Using Locorotondo as our home base, the town of Cisternino was only a short drive away. Similar to Locorotondo in many ways, it has also been designated as one of the country’s most beautiful cities (borgo più bello d’Italia), and you find lots of small alleyways for wandering in the centro storico. We were unable to visit the historic Chiesa di San Nicola as it was closed the afternoon we were there, but you can get good views of the countryside from Piazza Garibaldi, across the street from the church, and the Torre Civica, the Norman Swabian tower which helped to protect the city, is next to the church as well.
We ate lunch at Ristorante Mezzofanti, tucked away in the corner of Piazza Rossi, in a building that was the former bread oven for the town. On another evening we had dinner at Osteria Bell’Italia, a charming restaurant with lots of outdoor tables winding through the alleyways of the centro storico. Both had excellent Pugliese food options available. We also enjoyed the gelato at Bar FOD, a pasticceria and gelateria with an unassuming entrance located on the ground floor of the city’s clock tower (Torre dell’Orologio).
Martina Franca is the highest town by elevation on the Murgia plateau, and until the unification of Italy in 1861 it was a walled city with 24 towers and four gates, evidence of which you can still see today. A bit bigger than the neighboring towns, it has long been the commercial center of the region, which is evident in the numerous palazzi and churches found in the city.
The largest church in town is Basilica di San Martino, a grand baroque and rococo construction located on the Piazza Plebiscito. Via Vittorio Emanuele continues east from the piazza to one of the city gates, Arco di Sant’Antonio, and the 17th century Palazzo Ducale. Palazzo Ducale has rooms that are free to visit with frescoed walls, and at the time we were there a photography exhibit as well. There was also a more formal art exhibit which had an entrance fee.
We ate lunch at Osteria del Coco Pazzo, a restaurant on the edge of the centro storico with excellent local cuisine and indoor and outdoor seating.
Noci reminded us of what Locorotondo may have been like in the days before discovery by tourists. A small-scale whitewashed town, we made the trip there to eat lunch at L’Antica Locanda, headed by a renowned chef dedicated to preserving the finest of Pugliese cuisine. After a delicious lunch we took a passeggiata through town in the sleepy afternoon hours. The main church, Chiesa di Santa Maria della Natività, was closed but wandering through town gave us a good idea of what life is like in a hilltop town that is still very residential and somewhat untouched by tourists.
Appropriately nicknamed la città bianca or “the white city,” Ostuni’s location just a few kilometers from the Adriatic gives this hilltop city great views of the water that are unique among the towns we visited. Its historic center is located on a steep hill, with the beautiful 15th century co-cathedral of Santa Maria Assunta at the top. The combination of an attractive historic town and proximity to the beach means Ostuni sees more tourists than many other towns in the area, but it still didn’t feel too touristy during our visit. There were plenty of restaurants, cafes, and small hotels that make it feel like it would be a great place to stay. We enjoyed wandering the streets and alleyways, checking out the historic buildings, and enjoying a few panoramic views of the Adriatic.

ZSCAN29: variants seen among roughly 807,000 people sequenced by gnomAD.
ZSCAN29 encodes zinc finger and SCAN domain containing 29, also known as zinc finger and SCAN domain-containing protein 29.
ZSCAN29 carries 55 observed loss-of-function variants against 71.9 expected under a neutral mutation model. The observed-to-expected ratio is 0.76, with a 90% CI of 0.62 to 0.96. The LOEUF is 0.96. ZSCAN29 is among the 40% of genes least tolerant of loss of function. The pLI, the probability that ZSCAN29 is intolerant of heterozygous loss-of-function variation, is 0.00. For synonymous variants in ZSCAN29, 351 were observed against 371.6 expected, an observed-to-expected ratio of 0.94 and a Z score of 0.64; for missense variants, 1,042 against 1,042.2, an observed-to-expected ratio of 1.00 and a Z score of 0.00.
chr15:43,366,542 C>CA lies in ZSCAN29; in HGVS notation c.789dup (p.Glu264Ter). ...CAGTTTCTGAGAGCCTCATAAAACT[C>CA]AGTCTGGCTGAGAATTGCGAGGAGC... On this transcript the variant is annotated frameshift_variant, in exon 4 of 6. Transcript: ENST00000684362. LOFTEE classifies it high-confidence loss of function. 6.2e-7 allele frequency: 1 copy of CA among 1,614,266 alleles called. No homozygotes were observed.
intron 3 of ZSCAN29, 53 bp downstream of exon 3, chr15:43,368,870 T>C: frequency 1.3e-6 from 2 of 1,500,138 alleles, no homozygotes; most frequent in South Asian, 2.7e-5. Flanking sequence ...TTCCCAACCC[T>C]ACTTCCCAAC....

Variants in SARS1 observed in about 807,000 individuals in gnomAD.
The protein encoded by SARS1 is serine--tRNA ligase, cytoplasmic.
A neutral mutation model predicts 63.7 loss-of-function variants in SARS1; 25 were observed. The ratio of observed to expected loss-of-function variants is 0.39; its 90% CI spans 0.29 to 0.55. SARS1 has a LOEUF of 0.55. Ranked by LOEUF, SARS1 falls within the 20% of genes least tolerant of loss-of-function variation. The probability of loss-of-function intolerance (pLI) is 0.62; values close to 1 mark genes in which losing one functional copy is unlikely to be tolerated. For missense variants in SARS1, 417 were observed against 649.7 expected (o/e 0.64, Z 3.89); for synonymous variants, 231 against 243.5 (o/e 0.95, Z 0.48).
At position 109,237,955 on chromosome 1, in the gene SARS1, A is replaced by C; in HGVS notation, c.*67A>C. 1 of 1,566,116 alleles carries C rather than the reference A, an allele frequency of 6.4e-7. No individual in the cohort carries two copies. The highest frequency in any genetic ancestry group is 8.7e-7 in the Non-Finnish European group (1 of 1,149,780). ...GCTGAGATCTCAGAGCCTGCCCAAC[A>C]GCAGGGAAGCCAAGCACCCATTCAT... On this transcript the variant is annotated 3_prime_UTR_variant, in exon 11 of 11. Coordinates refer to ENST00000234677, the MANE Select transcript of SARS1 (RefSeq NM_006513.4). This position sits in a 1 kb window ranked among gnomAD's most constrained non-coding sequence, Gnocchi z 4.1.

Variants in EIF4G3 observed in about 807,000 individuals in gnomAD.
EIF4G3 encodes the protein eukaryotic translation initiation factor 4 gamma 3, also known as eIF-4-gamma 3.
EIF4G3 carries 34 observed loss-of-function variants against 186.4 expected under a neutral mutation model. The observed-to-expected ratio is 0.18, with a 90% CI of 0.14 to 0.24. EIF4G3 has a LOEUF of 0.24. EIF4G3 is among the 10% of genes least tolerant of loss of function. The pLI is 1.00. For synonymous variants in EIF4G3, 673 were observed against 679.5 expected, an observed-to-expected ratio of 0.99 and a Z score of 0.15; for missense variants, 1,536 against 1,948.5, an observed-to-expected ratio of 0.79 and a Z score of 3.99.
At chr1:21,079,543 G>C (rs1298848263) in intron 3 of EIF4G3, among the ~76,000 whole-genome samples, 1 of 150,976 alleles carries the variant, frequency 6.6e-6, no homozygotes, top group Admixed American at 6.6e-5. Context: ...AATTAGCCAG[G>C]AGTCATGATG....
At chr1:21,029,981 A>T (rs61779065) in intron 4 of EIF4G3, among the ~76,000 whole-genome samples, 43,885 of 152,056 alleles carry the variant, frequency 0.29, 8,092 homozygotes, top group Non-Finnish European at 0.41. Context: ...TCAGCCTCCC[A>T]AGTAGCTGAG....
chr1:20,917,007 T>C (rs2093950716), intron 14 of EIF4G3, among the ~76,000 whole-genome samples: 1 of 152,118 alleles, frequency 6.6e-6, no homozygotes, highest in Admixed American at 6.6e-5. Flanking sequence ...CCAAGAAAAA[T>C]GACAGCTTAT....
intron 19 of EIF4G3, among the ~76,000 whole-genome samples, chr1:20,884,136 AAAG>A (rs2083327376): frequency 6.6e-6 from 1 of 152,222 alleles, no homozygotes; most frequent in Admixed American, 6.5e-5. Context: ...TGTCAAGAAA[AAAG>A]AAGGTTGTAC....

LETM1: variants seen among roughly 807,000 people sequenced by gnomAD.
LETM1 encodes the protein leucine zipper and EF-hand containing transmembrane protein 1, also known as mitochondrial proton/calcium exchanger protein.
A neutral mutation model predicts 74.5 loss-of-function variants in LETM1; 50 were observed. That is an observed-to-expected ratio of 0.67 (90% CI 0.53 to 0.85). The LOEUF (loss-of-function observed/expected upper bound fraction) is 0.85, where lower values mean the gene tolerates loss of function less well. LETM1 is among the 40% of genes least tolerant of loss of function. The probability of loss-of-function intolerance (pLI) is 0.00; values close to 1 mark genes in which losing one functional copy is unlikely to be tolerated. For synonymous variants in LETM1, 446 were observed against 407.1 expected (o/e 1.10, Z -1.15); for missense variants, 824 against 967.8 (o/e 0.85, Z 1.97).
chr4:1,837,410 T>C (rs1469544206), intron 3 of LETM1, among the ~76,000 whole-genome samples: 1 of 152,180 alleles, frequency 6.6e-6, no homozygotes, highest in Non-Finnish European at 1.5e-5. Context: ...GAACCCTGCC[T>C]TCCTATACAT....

The Museo Civiltà Preclassica Murgia Meridionale Ostuni, the town’s archaeology museum, was a surprising treat. Housed in a former church and adjoining monastery, the museum features artifacts documenting a mind-blowing 30,000 years of human history in the region. The true highlight is the remains of Ostuni Woman 1, a late Stone Age pregnant woman who was found in a cave near Ostuni. Her bones and those of her unborn child are on display, along with a shell bracelet and other tools and decorations from the tomb. She is believed to have died around 28,000 years ago. While the museum’s displays are only in Italian, the free museum app is worth downloading and provides some explanations in English.
While we didn’t have the chance to eat a meal in Ostuni itself, we enjoyed perhaps the best meal of our entire trip in the nearby village of Speziale. At Trattoria il Cortiletto, an ordinary facade and simple “Trattoria” sign give no hint to the culinary treat that awaits. We enjoyed a leisurely lunch in the shaded back courtyard, featuring spaghetti with salicornia (sea asparagus, or a succulent that grows in salt marshes), fettuccine with zucchini flowers, the tastiest roast chicken with crispy skin you’ll ever find, panna cotta made with ricotta and eggplant, and some complimentary limoncello to finish up. While it seems off the beaten track, word has gotten out about this gem and reservations are a must, especially for dinner.
THE CUISINE OF PUGLIA
With its warm, Mediterranean climate and mix of coastline and hilly farmland, Puglia is blessed with a bounty of local ingredients that make its cuisine some of the best in Italy. Traditional dishes are based on seasonally available produce, meat, or seafood, and the simple recipes highlight and accentuate the flavors of these ingredients.
Appetizers, or antipasti, are a big deal in Puglia. Order the house antipasti course and you’ll be presented with a parade of small dishes, often many more than you’d expect. Local cheeses and cured meats, including the local specialty capocollo di Martina Franca, dominate the offerings, but there are often creative dishes inspired by seasonal produce as well. Fave e cicoria is another local specialty, a simple but satisfying dish of fava bean puree topped with sauteed wild chicory greens.
Local pasta dishes are dominated by orecchiette, a round, dimpled shape whose name means “little ears.” Often made from durum wheat semolina, we also found this tasty, slightly chewy pasta made from grano arso, a toasted semolina. The most common toppings are cime di rapa (broccoli rabe or turnip tops) or ragù di braciole e polpette (a hearty tomato-based sauce with stuffed meat rolls and meatballs).